Sen. Gary Peters, D-MI, has often reached out through the phone line to talk with us here on Stateside, but today he joined us in-studio to discuss petroleum coke, the Iran nuclear deal, the Export-Import Bank of the United States, and life as the only Democratic freshman in the U.S. Senate.
Peters on the petroleum coke piles in Detroit
Peters and Sen. Dick Durbin of Illinois are co-sponsoring a bill that would require a study on the effects of petroleum coke and a deeper look into how best to deal with it.
There have been reports of clouds of pet coke getting into the Great Lakes and floating over the Detroit River and into neighborhoods, raising questions about its safety.
The EPA has said that pet coke has low toxicity and that it isn’t a carcinogen, but Peters tells us that’s not the end of the story.
“It’s still a particulate matter,” he says. “It’s having an impact on your body, and I think the EPA is starting to realize that particulate matter in peoples’ lungs is never a good thing.”
Peters points to states on the east coast that require deposits of pet coke be completely covered.
“If it’s good enough for other states who believe that it’s important, why not have a national standard to make sure everybody is protected regardless of what state they may happen to live in?” he says.
The bill is looking to require study and analysis of the effects of pet coke rather than immediate action, which Peters hopes will be less controversial and more likely to pass the Senate.
Peters on Iran
The proposed nuclear deal with Iran has been cause of much controversy since its introduction, drawing criticism from both Democrats and Republicans.
Peters tells us that at this point there are still so many things about the deal that he and his colleagues don’t yet know and hope to learn moving forward.
“We certainly cannot allow Iran to have a nuclear weapon. It’s destabilizing for the Middle East, destabilizing for the world, and we have to have a strong agreement to do that,” he says. “But I have questions, ... and I’m going take my time to do it right because it’s going to be one of the most important votes that I will probably ever have to make.”
Peters on the Export-Import Bank
Congress let the Export-Import Bank of the United States’ charter expire earlier this month after 80 years of operation, a decision that Peters disagrees with.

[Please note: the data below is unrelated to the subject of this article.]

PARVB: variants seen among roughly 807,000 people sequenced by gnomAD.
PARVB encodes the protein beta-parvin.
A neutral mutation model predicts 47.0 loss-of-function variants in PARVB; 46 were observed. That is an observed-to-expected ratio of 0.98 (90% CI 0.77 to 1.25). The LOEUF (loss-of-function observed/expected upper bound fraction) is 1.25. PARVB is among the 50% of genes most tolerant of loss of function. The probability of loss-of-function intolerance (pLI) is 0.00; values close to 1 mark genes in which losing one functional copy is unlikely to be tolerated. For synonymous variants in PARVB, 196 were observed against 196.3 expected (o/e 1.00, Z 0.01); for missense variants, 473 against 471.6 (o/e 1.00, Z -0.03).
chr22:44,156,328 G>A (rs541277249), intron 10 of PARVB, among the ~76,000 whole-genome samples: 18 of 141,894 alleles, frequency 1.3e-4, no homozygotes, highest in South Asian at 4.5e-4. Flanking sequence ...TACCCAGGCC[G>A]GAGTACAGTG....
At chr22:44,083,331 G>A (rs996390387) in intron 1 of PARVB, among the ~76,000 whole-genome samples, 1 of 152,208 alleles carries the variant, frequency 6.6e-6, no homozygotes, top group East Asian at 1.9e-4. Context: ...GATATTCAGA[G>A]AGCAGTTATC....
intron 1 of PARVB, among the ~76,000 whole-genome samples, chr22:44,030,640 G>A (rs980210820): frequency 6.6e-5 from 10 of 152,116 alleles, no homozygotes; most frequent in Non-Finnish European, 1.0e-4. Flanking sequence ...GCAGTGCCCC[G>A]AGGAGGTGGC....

He tells us that the Export-Import Bank creates tons of jobs, reduces the national debt, doesn’t cost taxpayers a penny, and helps facilitate smooth business interactions with other nations.
“It has had a proven record of doing that for decades,” he says.
He fears that the lack of an Export-Import Bank in the U.S. will put American companies at a competitive disadvantage to companies around the world.
Peters believes that “the votes are there” to revisit the decision, but the real hurdle is actually getting it on the floor.
Peters on being the only freshman Democrat in the Senate
Peters was the focus of a recent piece in the Huffington Post that looked at what life is like for him being the only Democrat in the freshman class of 13.
Since taking his position as the “President of the Democratic Freshman Class of One,” he has made it a priority to work with his colleagues across party lines.
Colorado Senator Cory Gardner is quoted in the piece saying, “We talk to him, we include him. He’s not picked last on the Senate basketball team.”
Peters is very up front about how important it is to build bridges between Democrats and Republicans so that they can more easily work together to solve problems.
“I don’t look at this job as ideology. I look at it as, 'I’ve got a problem, how do we fix it? How do we make it work?'” he says. “And it’s about moving beyond partisanship and just trying to find what we have in common. And when you get to know people on a personal level, you find there’s a lot that we have in common. Let’s get things done, that’s what the American people want us to do.”
Listen to our full conversation with Sen. Gary Peters above.
- Ryan Grimes, Stateside Staff